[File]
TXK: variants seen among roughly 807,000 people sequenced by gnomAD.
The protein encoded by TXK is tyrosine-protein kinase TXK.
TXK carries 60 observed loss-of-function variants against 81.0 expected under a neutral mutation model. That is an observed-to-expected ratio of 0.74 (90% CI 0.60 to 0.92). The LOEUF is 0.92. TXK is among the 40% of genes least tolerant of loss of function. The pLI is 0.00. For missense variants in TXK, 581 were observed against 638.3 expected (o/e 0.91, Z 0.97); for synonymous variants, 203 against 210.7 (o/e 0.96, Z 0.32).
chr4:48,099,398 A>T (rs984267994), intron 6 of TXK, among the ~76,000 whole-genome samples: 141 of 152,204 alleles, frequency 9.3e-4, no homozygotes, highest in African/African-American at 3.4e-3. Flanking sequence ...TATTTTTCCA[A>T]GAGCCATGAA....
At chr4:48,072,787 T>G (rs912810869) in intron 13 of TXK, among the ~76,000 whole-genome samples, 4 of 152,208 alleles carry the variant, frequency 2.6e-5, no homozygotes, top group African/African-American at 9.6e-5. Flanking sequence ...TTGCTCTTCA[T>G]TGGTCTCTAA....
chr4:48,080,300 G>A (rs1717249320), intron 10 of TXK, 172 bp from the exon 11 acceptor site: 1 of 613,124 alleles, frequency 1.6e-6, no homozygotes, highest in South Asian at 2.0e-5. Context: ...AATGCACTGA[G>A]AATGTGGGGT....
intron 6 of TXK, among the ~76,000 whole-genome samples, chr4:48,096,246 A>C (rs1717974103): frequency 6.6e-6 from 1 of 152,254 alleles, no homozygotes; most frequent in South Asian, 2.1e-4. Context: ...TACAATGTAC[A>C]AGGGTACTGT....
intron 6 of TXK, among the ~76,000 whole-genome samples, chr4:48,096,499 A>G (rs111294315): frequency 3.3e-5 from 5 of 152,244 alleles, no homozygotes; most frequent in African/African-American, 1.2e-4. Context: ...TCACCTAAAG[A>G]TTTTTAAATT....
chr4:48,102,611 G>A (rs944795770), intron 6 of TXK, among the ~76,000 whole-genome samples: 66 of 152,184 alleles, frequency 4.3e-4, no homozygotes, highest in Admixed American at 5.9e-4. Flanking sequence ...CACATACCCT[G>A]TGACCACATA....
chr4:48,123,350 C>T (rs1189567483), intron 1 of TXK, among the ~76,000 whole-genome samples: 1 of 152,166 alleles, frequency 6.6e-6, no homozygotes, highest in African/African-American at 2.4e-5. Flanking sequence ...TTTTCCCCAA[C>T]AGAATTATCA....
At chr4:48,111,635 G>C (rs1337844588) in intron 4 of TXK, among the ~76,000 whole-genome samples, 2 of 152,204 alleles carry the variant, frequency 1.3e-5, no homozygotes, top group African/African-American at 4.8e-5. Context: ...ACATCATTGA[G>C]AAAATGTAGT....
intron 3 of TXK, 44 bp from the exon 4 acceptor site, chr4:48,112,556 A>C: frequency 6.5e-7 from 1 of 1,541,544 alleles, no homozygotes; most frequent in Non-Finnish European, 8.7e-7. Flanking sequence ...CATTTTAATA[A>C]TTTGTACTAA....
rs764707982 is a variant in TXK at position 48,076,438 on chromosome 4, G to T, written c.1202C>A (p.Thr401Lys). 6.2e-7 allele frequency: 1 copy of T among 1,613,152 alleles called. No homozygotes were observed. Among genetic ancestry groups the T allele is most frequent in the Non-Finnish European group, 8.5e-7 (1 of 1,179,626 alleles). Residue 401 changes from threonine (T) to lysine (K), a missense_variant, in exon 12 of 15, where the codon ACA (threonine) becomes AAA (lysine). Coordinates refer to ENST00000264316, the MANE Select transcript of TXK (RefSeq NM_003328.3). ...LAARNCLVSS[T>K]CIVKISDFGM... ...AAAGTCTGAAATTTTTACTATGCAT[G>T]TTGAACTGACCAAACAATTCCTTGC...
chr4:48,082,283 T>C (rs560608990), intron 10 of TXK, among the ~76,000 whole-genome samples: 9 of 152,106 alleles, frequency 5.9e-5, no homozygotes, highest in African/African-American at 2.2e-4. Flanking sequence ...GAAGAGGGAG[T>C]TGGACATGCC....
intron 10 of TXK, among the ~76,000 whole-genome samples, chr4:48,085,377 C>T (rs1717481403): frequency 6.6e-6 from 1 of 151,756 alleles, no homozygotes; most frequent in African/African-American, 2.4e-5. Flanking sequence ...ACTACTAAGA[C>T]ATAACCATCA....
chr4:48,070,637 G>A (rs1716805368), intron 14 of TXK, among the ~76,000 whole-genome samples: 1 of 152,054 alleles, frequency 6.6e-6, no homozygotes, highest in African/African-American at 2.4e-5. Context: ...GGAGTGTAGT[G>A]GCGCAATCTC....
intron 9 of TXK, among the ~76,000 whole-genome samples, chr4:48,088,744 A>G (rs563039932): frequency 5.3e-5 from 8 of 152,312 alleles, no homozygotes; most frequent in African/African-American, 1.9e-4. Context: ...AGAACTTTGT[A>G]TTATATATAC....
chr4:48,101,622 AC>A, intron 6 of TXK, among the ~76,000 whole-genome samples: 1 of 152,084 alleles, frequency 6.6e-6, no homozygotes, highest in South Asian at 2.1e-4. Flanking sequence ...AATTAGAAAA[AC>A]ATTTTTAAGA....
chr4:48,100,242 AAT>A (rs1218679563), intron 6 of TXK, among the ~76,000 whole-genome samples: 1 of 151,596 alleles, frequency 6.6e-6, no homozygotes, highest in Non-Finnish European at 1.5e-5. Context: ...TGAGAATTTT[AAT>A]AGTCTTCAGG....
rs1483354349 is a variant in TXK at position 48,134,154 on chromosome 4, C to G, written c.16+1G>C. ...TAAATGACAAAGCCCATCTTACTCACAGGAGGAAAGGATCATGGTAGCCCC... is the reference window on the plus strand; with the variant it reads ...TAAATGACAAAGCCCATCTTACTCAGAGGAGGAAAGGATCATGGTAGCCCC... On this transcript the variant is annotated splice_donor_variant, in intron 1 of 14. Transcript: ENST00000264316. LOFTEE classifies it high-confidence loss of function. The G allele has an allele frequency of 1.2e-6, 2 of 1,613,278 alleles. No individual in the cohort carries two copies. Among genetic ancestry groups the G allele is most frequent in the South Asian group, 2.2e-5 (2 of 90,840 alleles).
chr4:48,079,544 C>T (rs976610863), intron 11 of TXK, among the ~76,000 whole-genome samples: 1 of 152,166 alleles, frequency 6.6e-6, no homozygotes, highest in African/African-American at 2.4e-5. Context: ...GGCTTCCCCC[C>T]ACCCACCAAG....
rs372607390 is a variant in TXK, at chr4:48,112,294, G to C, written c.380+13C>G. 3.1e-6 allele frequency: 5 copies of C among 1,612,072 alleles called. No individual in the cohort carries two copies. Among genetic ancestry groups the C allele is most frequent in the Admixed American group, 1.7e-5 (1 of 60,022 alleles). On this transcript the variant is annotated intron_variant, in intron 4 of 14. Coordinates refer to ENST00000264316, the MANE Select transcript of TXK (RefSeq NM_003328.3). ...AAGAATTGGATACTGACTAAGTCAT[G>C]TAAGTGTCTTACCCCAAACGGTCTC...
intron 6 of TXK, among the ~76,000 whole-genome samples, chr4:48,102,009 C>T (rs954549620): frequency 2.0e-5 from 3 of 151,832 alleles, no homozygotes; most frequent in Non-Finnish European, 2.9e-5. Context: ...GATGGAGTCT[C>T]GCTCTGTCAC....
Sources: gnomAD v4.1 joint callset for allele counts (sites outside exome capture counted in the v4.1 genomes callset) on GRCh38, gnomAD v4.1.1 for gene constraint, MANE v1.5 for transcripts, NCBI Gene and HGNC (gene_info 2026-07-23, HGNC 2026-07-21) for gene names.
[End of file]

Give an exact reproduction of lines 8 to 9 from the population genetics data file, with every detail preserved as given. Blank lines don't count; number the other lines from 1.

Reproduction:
intron 6 of TXK, among the ~76,000 whole-genome samples, chr4:48,096,499 A>G (rs111294315): frequency 3.3e-5 from 5 of 152,244 alleles, no homozygotes; most frequent in African/African-American, 1.2e-4. Context: ...TCACCTAAAG[A>G]TTTTTAAATT....
chr4:48,102,611 G>A (rs944795770), intron 6 of TXK, among the ~76,000 whole-genome samples: 66 of 152,184 alleles, frequency 4.3e-4, no homozygotes, highest in Admixed American at 5.9e-4. Flanking sequence ...CACATACCCT[G>A]TGACCACATA....